Pedagogy: Facilitating Student Engagement—Making It Relevant

Making international politics relevant to our students presents an interesting challenge for political science instructors. While those teaching American politics face a similar dilemma in fostering student engagement, instructors in the IR and Comparative classrooms have the additional burden of “relevance.” Students intuitively feel that American politics is at least tangentially relevant to their lives. They understand that the taxes they pay support particular programs which reflect the priorities of the current and previous administrations and the ability of particular groups to mobilize in support of them. Getting American students to understanding how the United Nations, the European Union, or the International Monetary Fund relates to their lives, or why they should care about the political structures of Iran, India, Brazil, or Nigeria creates additional challenges.

This challenge is frequently compounded by the lack of international experience. While we teach diverse student bodies, our students have no real frame of reference within which to situate their understanding and analysis of international politics. Consequently, they often have difficulty drawing connections between the abstract theories and cases they are exploring in classroom and the real world of global politics. For the vast majority of our students, the European Union is an abstract political institution they’ve read about in class, not something they’ve experienced in person. The same is true of development, global inequality, war, international trade, and nearly all the other topics considered in the typical introductory course in international and comparative politics.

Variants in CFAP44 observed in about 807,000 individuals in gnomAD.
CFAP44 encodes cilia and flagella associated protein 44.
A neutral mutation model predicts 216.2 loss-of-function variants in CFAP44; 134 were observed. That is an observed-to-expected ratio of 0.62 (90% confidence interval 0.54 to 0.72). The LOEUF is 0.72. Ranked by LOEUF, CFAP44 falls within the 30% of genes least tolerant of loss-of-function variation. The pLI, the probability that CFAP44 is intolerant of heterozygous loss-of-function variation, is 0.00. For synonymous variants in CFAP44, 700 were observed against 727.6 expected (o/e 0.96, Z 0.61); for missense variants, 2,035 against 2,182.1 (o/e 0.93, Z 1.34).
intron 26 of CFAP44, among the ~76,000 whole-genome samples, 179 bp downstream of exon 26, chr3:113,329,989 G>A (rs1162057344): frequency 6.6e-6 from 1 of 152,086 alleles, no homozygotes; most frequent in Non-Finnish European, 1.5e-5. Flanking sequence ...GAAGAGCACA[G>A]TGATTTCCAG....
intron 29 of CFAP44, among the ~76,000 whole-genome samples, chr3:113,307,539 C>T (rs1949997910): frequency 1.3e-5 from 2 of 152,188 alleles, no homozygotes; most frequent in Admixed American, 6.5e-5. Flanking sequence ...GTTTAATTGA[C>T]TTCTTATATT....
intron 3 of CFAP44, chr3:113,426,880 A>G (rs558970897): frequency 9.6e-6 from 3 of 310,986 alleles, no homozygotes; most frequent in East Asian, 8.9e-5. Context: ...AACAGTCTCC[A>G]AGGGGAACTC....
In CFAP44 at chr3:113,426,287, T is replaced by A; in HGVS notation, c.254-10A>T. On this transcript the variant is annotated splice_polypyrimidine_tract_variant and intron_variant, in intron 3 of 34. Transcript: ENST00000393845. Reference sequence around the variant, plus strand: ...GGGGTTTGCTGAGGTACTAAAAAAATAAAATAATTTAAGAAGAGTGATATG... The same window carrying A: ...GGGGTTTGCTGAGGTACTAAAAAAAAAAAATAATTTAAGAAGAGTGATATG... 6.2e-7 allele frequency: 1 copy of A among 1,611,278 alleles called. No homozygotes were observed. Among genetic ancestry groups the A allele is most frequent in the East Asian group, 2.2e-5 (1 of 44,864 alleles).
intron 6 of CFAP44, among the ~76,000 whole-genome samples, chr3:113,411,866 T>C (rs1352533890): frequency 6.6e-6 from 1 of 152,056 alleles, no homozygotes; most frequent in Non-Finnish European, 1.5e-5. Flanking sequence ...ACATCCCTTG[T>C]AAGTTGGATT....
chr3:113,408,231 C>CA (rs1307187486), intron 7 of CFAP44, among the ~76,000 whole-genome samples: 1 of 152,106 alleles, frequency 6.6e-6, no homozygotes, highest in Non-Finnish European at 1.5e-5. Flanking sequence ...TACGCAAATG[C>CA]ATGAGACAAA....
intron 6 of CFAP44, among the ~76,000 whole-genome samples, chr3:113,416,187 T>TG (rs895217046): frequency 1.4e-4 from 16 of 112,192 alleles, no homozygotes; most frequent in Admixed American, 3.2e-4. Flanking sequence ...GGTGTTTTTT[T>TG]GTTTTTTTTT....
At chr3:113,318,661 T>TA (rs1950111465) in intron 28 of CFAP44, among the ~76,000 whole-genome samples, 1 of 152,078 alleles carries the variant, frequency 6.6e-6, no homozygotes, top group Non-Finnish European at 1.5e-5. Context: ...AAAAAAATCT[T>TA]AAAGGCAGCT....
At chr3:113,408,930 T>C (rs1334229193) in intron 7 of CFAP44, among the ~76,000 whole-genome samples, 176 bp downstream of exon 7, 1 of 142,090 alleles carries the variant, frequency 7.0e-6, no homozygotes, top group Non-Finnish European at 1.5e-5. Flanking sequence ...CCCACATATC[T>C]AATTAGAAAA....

So how do we make our courses more relevant?

Perhaps the easiest way is by drawing out the connections for your students. Try starting with everyday items or experiences, then connect them to the world of global politics. When I teach the international trade and the WTO, I start with a T-Shirt, working backwards through the global trade system to explain how tariffs, nontariff barriers, relative currency values and exchange rates, and agricultural subsidies all influence global textile productions. (Pietra Rivoli’s Travels of a Global T-Shirt  is an outstanding resource for this discussion). For homework, I often ask students to keep track of where the clothing they wear every day for a week is produced. I then have them map their findings and write a short paper reflecting on how the patterns they see reflect dynamics of globalization and international trade. You could do the same thing with just about anything your students come into contact with in their daily lives: their food choices, their electronics, and so on.

Do you have an effective assignment or way of approaching the topics that connects students’ experiences with the abstract theories of global politics? Leave a comment and share your ideas below.